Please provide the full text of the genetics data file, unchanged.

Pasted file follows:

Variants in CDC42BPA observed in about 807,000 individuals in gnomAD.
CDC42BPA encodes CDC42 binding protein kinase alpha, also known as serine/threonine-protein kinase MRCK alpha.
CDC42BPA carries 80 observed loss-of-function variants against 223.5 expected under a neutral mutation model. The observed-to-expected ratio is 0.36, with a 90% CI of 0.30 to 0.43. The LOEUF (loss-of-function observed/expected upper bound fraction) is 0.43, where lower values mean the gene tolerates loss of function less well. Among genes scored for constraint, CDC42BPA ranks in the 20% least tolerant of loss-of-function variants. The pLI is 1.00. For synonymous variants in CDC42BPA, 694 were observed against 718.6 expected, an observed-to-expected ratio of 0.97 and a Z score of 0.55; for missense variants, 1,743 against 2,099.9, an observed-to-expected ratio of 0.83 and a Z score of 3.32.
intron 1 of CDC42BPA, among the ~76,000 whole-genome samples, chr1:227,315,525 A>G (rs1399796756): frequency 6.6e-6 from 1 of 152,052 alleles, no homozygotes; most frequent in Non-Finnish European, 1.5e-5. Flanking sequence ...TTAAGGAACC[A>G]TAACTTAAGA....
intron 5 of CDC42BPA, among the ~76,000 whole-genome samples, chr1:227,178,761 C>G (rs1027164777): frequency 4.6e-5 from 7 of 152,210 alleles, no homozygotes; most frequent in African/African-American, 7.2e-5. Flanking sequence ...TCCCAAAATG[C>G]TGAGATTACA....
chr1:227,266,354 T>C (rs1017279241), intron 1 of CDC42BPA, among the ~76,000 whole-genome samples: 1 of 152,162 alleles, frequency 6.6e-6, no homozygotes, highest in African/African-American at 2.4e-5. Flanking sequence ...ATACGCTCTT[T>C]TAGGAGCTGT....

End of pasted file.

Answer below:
Variants in CDC42BPA observed in about 807,000 individuals in gnomAD.
CDC42BPA encodes CDC42 binding protein kinase alpha, also known as serine/threonine-protein kinase MRCK alpha.
CDC42BPA carries 80 observed loss-of-function variants against 223.5 expected under a neutral mutation model. The observed-to-expected ratio is 0.36, with a 90% CI of 0.30 to 0.43. The LOEUF (loss-of-function observed/expected upper bound fraction) is 0.43, where lower values mean the gene tolerates loss of function less well. Among genes scored for constraint, CDC42BPA ranks in the 20% least tolerant of loss-of-function variants. The pLI is 1.00. For synonymous variants in CDC42BPA, 694 were observed against 718.6 expected, an observed-to-expected ratio of 0.97 and a Z score of 0.55; for missense variants, 1,743 against 2,099.9, an observed-to-expected ratio of 0.83 and a Z score of 3.32.
intron 1 of CDC42BPA, among the ~76,000 whole-genome samples, chr1:227,315,525 A>G (rs1399796756): frequency 6.6e-6 from 1 of 152,052 alleles, no homozygotes; most frequent in Non-Finnish European, 1.5e-5. Flanking sequence ...TTAAGGAACC[A>G]TAACTTAAGA....
intron 5 of CDC42BPA, among the ~76,000 whole-genome samples, chr1:227,178,761 C>G (rs1027164777): frequency 4.6e-5 from 7 of 152,210 alleles, no homozygotes; most frequent in African/African-American, 7.2e-5. Flanking sequence ...TCCCAAAATG[C>G]TGAGATTACA....
chr1:227,266,354 T>C (rs1017279241), intron 1 of CDC42BPA, among the ~76,000 whole-genome samples: 1 of 152,162 alleles, frequency 6.6e-6, no homozygotes, highest in African/African-American at 2.4e-5. Flanking sequence ...ATACGCTCTT[T>C]TAGGAGCTGT....